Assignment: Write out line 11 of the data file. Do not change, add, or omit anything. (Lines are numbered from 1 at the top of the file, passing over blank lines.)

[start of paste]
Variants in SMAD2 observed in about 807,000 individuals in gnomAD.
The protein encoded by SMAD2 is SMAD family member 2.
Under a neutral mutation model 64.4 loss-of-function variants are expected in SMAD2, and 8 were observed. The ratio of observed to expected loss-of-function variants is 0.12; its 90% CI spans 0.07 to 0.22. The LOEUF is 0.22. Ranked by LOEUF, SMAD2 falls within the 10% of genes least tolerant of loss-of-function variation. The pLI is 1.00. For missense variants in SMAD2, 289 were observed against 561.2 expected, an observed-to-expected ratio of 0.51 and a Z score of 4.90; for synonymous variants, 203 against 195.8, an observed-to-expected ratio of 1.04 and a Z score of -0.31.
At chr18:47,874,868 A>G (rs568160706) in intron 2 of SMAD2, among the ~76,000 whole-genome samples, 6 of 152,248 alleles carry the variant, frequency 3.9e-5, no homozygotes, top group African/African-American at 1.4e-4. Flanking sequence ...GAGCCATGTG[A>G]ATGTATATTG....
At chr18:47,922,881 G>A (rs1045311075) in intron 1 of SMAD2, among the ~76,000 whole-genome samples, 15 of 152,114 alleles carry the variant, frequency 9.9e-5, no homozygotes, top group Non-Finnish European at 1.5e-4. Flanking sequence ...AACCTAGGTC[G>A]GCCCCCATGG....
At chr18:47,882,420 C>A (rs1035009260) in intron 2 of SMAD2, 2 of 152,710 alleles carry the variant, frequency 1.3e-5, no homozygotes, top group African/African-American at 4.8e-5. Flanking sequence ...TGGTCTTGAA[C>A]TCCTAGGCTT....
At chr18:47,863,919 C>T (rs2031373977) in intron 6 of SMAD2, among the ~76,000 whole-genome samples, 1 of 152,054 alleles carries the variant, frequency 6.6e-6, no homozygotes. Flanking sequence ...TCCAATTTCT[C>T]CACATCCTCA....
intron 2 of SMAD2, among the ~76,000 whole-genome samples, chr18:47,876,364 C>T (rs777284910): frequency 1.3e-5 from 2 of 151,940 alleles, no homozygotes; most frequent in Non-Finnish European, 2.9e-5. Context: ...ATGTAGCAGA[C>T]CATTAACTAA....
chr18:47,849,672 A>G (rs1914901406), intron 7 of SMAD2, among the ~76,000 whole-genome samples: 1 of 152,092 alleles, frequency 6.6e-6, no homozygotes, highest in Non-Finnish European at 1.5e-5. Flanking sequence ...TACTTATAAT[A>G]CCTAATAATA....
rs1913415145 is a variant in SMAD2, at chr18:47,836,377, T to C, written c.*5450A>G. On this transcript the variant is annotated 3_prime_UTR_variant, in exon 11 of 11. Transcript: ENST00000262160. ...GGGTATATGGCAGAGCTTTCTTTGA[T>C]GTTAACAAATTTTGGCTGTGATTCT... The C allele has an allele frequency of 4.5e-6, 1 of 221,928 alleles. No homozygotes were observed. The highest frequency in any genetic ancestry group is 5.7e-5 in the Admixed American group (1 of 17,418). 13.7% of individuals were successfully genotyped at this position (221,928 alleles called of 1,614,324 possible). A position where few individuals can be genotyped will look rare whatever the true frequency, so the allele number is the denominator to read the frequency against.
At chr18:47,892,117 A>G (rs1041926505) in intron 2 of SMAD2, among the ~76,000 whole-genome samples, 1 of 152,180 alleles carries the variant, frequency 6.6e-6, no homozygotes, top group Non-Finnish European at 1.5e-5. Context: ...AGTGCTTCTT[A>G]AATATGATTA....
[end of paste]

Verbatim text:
At chr18:47,892,117 A>G (rs1041926505) in intron 2 of SMAD2, among the ~76,000 whole-genome samples, 1 of 152,180 alleles carries the variant, frequency 6.6e-6, no homozygotes, top group Non-Finnish European at 1.5e-5. Context: ...AGTGCTTCTT[A>G]AATATGATTA....